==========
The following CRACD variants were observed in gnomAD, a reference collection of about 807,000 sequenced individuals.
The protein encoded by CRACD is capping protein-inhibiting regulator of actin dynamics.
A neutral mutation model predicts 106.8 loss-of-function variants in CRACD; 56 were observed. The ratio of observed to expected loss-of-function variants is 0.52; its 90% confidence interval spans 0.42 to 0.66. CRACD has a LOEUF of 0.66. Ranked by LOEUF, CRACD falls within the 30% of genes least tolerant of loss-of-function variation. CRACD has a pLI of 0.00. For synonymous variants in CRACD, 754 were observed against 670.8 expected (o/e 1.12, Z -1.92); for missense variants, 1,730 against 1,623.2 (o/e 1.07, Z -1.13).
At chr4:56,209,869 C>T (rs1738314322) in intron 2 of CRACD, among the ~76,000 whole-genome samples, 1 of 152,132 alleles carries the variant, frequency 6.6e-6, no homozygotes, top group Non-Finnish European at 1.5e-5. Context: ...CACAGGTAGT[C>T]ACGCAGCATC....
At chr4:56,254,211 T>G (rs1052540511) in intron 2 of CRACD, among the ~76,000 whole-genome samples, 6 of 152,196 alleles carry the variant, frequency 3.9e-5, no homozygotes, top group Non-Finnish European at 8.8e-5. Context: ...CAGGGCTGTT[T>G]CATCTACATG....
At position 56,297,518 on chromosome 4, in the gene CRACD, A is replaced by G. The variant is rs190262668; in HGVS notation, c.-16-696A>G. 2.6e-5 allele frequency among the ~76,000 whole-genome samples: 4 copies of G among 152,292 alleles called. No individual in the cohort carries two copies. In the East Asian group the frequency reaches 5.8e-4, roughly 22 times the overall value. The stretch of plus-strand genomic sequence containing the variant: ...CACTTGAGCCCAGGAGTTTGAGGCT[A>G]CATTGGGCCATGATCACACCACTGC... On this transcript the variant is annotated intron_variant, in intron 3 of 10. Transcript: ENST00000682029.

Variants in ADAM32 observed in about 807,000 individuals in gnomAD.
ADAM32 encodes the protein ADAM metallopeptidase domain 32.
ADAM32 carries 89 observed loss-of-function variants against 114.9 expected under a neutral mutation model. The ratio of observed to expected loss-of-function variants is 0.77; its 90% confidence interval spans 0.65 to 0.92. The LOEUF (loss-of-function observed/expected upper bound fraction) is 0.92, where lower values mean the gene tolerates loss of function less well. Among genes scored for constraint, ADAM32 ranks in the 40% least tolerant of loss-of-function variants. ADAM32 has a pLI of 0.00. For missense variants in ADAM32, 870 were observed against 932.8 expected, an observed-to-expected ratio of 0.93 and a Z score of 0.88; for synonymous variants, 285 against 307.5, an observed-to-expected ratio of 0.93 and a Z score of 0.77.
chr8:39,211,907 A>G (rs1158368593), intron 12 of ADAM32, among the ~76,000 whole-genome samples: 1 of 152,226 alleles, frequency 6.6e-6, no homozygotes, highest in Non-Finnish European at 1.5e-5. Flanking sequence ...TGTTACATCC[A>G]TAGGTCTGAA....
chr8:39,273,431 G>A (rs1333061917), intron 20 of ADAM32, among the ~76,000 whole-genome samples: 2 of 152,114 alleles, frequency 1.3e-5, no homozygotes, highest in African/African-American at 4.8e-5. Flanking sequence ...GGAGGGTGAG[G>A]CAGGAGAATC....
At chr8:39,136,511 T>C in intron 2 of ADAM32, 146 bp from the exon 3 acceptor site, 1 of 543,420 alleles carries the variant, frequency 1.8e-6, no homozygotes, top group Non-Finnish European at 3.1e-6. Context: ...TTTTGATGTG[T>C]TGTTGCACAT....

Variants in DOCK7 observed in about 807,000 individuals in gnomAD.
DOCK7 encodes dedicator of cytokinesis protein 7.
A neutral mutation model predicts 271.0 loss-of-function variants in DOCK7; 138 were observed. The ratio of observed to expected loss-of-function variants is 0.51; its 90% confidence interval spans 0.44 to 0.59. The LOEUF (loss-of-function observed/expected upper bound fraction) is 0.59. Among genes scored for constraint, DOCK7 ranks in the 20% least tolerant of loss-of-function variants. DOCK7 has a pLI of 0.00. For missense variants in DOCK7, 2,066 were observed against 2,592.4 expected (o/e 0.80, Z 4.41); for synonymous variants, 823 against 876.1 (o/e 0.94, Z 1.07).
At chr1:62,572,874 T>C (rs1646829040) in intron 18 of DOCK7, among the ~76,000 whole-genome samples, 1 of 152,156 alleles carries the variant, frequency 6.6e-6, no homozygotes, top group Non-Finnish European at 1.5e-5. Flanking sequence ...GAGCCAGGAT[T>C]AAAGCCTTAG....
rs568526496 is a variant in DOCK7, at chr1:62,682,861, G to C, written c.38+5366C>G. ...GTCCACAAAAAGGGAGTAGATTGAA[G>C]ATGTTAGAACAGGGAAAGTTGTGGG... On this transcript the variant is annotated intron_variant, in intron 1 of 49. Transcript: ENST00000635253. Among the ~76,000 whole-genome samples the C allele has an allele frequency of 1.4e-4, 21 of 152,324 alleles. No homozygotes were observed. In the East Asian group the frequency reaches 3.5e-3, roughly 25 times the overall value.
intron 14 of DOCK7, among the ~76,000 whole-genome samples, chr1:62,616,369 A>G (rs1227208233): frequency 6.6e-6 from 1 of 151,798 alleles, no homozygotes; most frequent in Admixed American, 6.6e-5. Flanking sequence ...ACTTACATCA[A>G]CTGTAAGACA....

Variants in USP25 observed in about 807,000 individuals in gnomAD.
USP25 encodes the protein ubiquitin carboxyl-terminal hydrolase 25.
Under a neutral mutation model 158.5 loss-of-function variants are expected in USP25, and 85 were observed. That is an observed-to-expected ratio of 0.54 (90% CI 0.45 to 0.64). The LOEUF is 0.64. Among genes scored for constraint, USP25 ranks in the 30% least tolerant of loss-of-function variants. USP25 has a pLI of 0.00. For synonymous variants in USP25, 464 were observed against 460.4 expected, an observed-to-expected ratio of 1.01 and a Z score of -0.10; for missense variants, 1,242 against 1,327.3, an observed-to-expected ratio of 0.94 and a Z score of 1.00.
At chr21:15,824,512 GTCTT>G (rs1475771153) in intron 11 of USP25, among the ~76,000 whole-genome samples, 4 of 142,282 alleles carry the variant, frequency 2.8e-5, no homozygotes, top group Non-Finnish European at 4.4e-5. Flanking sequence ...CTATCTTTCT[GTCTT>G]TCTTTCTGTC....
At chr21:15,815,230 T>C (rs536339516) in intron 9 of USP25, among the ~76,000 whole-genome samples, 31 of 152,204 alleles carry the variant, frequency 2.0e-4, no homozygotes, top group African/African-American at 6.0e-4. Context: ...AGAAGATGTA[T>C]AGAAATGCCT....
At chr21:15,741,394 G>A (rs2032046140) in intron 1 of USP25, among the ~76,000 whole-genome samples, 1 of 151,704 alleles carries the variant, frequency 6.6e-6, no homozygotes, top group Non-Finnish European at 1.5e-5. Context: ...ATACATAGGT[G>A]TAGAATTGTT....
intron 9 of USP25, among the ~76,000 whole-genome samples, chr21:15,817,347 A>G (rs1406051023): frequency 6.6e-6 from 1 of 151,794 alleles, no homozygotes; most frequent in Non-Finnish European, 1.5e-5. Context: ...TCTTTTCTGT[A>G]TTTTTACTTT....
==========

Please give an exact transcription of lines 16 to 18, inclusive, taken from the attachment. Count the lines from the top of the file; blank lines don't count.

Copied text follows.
At chr1:62,572,874 T>C (rs1646829040) in intron 18 of DOCK7, among the ~76,000 whole-genome samples, 1 of 152,156 alleles carries the variant, frequency 6.6e-6, no homozygotes, top group Non-Finnish European at 1.5e-5. Flanking sequence ...GAGCCAGGAT[T>C]AAAGCCTTAG....
rs568526496 is a variant in DOCK7, at chr1:62,682,861, G to C, written c.38+5366C>G. ...GTCCACAAAAAGGGAGTAGATTGAA[G>C]ATGTTAGAACAGGGAAAGTTGTGGG... On this transcript the variant is annotated intron_variant, in intron 1 of 49. Transcript: ENST00000635253. Among the ~76,000 whole-genome samples the C allele has an allele frequency of 1.4e-4, 21 of 152,324 alleles. No homozygotes were observed. In the East Asian group the frequency reaches 3.5e-3, roughly 25 times the overall value.
intron 14 of DOCK7, among the ~76,000 whole-genome samples, chr1:62,616,369 A>G (rs1227208233): frequency 6.6e-6 from 1 of 151,798 alleles, no homozygotes; most frequent in Admixed American, 6.6e-5. Flanking sequence ...ACTTACATCA[A>G]CTGTAAGACA....